Thursday, April 21, 2016

Huge Percentage of Elderly Fear Becoming Homeless

The National Healthcare For the Homeless notes that the homeless population in the United States is aging, mirroring general population trends. The U.S. Census Bureau projects that the current elderly population will double by 2050, resulting in approximately 89 million people over the age of 65. Similar trends are expected for those experiencing homelessness, according to projections by the Homeless Research Institute.  It is estimated that elderly homelessness will increase by 33% in 2020 (44,172 in 2010 to 58,772 in 2020). By 2050, the elderly homeless population is projected to more than double, with 95,000 elderly persons expected to be living without stable housing. Although a number of safety net programs exist for the elderly, those between ages 50 and 64 often fall through the cracks despite having similar physical health to those much older due to daily stress, poor nutrition, and living conditions. In 2011, almost one-quarter of U.S. individuals below the poverty level were over the age of 62, demonstrating the financial instability of older and elderly adults. Two prominent studies have confirmed the prevalence of first time homelessness among older and elderly adults. The first, a study of three international cities (including Boston), found the majority of elderly participants to be newly homeless with a history of stable adult employment and private living accommodations. Among these individuals, common causes of homelessness included: financial problems, mental health problems, relationship breakdown, physical health problems, and issues related to work.

There has been no additional funding since 2010, therefore federal rental assistance programs have not kept pace with the growing need. Currently 37% elderly or disabled households in need receive no assistance. When housing costs consume more than half of household income, low-income families are at greater risk of becoming homeless. And being homeless and living on the street invites dangerous situations.

Compared with the overall locations of Florida's low-income older population, elder-occupied government-subsidized rental housing units are concentrated in fewer counties. On the basis of several standards, these affordable housing units are judged to be unfairly located, resulting in most of the state's low-income elderly population living in counties that are under served by these accommodations. Government-subsidized affordable rental units available to older persons are unequally and unfairly distributed throughout Florida's counties.

A wealth gap is not new in Palm Beach County, where for decades the wealthiest enclave in the U.S. is but a 50-minute drive from some of the poorest people in the nation. But there are many signs that it is worsening. As noted in the Palm Beach Post 9/19/11 "We are probably the richest county here in Florida," .....and there are certainly areas in the Belle Glade area that look like a Third World country. It's just not right to have people living that way, especially here in Palm Beach County..... you may have the highest inequality in Palm Beach County, compared to any other part of the state".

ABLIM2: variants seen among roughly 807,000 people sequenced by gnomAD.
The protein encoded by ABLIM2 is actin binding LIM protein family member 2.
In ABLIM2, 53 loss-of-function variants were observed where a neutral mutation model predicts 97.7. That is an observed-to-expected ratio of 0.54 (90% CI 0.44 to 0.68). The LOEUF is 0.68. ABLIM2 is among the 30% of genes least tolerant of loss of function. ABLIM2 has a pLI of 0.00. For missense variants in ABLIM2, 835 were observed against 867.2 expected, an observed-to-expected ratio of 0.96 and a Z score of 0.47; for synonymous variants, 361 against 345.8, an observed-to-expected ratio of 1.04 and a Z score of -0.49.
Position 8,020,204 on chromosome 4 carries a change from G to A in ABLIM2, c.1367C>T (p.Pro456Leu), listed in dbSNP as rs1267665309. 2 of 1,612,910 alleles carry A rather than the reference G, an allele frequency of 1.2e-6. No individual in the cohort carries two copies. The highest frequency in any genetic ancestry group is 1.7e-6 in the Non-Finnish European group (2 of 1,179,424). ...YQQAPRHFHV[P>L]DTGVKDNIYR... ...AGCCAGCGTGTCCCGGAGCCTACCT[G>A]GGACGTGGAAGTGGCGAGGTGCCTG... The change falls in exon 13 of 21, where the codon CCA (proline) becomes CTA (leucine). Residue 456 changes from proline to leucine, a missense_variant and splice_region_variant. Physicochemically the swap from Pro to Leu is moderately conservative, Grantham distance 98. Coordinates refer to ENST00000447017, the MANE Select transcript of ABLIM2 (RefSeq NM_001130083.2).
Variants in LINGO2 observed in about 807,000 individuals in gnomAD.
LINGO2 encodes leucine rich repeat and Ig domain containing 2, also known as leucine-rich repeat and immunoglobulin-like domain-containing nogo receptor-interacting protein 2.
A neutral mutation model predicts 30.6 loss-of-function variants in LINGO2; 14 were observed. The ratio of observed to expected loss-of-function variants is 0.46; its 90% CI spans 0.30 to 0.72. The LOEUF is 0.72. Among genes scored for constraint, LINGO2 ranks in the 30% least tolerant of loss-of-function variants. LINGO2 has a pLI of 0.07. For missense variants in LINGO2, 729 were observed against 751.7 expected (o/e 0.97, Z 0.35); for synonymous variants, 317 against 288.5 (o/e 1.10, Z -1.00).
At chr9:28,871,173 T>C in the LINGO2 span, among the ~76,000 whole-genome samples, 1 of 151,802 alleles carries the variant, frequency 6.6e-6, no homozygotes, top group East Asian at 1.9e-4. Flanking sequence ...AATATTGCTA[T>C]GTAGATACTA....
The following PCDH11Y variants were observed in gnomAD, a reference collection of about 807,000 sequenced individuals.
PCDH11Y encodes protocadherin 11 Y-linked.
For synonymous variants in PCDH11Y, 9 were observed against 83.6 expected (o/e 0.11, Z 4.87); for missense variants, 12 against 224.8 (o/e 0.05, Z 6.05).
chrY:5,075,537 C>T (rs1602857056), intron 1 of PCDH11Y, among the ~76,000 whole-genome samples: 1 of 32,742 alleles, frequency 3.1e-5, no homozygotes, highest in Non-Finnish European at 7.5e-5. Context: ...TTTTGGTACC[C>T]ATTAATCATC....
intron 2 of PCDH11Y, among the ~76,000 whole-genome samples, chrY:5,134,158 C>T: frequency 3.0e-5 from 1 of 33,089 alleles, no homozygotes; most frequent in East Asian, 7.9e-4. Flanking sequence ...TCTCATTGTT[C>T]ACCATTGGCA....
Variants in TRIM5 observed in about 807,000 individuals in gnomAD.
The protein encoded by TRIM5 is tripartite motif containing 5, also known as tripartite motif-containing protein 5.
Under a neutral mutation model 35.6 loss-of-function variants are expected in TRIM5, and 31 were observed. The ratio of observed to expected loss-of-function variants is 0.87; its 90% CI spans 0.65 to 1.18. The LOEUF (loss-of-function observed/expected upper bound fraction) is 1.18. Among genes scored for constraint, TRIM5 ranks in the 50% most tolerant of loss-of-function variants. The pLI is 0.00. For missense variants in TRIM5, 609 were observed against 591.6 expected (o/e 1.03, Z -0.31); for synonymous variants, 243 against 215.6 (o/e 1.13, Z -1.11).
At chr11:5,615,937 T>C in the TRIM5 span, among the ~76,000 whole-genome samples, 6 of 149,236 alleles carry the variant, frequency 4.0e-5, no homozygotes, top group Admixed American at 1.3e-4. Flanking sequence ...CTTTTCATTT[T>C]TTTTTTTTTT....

President Obama and the U.S.Congress recently reauthorized the Older American Act, a vital piece of legislation that supports programs and services such as home cooked meals, disease prevention, health promotions, caregiver support, transportation,etc for approximately 11 million individuals and their families. Noticeably missing was funding for low income housing . Every eight seconds until 2026 somebody is turning 65, bringing the total to seventy million.

We have a severe crisis of affordable senior housing in Florida, with a wait list of five years. To make matters worse, some of those lists are closed...which promises even a longer wait.
It is vital that each of the Presidential candidates be well informed of the issues and support an expansion of affordable senior housing. A recent study of the Harvard’s Joint Center for Affordable Housing noted  that the country is not prepared to meet the housing needs of this aging population. Therefore it is critical that you and others know the candidate’s record and position on issues that are important to older Americans. Since 67% of the people over 65 have no pension or savings, and live just on their social security, affordable housing is an important step to avoid becoming homeless.

The most effective way to bring about change is to make the effort to let our elected officials know of the hardships so many of our seniors are or will be facing. Therefore I welcome your comments and would be interested in hearing if you or someone you know is finding it difficult to find affordable housing. Names are not necessary.....just the voices.

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